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1933: Eine Nacht im Kabbaret

Summerhall, Edinburgh
Three stars
It's telling that a climate of austerity has fostered a thriving alternative cabaret scene that recalls the early 1980s. Unfortunately, the same era's politics of prejudice and greed have also made a comeback. Both trends have inspired a rash of independent shoe-string theatre companies to embrace such a loose-knit aesthetic and apply it to work that is instinctively dissenting in tone.

Edinburgh's Tightlaced Theatre have done exactly that in Susanna Mulvihill's production of her own all-singing, all-dancing extravaganza that looks to Berlin's Weimar era for inspiration, but which at times sounds chillingly of the moment. The setting is Anke's club on the day that Adolf Hitler has seized power. With Anke and her staff who double up as the night's acts serving drinks to the audience sat at round wooden tables, what follows feels like eavesdropping on assorted intrigues while the all night party goes on.

While hostess Simone introduces a series of subtly satirical routines performed by her 'Ratlings', who include Anke's wannabe starlet daughter, Marieke, American newshound William soaks up the scene at a table shared with his latest flame Birgit. When Anke's Nazi-smitten son Dieter shows up with his superior to survey the decadence with Captain Voehner, it marks the last gasp for a microcosm of what will follow in the world at large.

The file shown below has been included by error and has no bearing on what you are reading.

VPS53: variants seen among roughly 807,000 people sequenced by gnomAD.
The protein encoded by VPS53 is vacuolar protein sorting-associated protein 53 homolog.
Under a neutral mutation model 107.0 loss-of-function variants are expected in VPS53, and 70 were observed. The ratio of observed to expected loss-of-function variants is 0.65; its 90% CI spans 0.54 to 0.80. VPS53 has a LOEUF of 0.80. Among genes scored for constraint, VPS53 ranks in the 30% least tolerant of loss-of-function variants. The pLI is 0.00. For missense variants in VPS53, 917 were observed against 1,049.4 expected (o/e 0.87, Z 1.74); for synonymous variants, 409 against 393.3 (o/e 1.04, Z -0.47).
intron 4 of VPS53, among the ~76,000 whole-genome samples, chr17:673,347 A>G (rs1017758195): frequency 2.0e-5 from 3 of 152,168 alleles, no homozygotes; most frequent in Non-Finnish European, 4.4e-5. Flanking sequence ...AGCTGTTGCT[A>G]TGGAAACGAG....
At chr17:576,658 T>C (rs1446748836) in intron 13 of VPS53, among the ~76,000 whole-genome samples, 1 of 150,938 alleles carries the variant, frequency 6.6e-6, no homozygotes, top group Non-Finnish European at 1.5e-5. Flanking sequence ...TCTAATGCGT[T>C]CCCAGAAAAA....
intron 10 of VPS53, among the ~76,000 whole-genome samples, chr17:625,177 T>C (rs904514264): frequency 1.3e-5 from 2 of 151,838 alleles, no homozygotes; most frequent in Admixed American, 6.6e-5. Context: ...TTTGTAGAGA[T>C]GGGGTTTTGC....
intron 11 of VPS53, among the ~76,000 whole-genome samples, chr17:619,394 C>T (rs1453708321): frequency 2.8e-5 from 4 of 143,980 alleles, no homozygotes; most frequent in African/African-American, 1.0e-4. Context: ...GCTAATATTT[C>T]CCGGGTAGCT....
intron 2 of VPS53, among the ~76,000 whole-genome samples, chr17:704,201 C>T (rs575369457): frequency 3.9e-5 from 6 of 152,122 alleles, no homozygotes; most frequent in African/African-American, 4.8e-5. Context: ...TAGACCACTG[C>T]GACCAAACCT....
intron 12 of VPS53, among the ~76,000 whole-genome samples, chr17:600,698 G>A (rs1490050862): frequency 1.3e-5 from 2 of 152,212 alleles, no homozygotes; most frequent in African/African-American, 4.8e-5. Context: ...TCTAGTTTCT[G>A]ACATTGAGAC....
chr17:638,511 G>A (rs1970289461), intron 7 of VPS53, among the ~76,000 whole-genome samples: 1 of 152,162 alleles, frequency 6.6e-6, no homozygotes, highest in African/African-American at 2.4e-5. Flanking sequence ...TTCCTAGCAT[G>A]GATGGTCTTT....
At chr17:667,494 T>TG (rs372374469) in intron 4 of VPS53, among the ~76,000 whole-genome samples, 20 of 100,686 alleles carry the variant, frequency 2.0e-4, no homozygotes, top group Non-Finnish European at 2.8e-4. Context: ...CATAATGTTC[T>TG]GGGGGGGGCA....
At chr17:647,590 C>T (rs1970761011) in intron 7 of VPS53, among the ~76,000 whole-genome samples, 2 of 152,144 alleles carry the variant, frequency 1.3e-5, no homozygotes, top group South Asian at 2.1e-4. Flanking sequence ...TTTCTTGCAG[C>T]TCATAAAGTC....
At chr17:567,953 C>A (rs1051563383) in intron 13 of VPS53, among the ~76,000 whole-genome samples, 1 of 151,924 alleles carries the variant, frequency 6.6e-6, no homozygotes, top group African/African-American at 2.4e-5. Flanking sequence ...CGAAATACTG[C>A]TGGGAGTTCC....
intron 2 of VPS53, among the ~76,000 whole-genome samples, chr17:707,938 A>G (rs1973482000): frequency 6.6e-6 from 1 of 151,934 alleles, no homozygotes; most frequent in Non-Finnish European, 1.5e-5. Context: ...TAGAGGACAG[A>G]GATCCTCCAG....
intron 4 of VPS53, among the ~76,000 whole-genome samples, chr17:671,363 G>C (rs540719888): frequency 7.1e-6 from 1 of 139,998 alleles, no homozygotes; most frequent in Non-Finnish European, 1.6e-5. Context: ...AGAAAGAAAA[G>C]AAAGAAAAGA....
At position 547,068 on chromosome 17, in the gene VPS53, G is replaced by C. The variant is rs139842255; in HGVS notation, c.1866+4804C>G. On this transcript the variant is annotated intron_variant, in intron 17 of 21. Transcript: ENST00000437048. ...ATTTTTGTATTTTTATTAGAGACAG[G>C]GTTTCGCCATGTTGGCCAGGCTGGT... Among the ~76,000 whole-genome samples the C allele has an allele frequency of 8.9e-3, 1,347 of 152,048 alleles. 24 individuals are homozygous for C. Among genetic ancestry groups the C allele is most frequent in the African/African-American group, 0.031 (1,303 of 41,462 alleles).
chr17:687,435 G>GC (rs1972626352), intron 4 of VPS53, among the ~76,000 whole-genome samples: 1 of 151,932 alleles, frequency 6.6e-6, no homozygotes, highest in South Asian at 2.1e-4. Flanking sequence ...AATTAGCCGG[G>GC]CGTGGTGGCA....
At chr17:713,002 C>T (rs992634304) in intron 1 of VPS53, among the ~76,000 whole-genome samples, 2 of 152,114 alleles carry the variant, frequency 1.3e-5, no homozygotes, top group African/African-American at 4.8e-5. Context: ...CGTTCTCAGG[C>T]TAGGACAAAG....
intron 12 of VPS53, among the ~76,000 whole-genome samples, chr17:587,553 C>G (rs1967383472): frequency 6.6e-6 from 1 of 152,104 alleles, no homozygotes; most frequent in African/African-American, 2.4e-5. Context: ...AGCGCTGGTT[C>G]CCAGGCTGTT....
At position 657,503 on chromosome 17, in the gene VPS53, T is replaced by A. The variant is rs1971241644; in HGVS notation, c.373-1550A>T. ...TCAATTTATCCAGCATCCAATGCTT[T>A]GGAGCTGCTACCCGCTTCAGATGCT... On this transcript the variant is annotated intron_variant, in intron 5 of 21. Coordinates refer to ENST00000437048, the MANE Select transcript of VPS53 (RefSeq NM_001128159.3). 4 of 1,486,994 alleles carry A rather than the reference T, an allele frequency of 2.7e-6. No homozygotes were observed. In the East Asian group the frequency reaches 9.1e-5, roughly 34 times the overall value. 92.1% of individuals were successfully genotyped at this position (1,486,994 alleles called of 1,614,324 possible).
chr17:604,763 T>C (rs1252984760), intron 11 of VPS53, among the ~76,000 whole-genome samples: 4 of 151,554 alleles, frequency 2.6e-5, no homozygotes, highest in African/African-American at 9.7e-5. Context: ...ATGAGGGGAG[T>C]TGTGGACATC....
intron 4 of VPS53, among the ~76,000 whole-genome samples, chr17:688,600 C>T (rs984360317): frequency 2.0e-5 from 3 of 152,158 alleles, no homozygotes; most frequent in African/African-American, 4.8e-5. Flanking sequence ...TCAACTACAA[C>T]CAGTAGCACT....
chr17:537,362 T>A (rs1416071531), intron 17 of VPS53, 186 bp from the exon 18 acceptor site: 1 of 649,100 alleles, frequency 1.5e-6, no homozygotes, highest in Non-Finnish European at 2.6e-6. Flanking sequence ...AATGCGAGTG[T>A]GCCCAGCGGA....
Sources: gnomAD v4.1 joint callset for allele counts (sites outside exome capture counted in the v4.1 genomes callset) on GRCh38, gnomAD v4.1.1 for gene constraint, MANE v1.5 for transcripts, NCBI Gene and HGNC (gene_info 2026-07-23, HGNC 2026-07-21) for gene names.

While the ghost of Cabaret looms large, Mulvihill's play remains a boisterous and acerbic look at how how hard times can cause people to look for scapegoats as they fall for extremist ideologies. Only the distraction of running several scenes concurrently mars an otherwise highly-charged political burlesque which at times feels dangerously close to home.

The Herald, January 25th 2014


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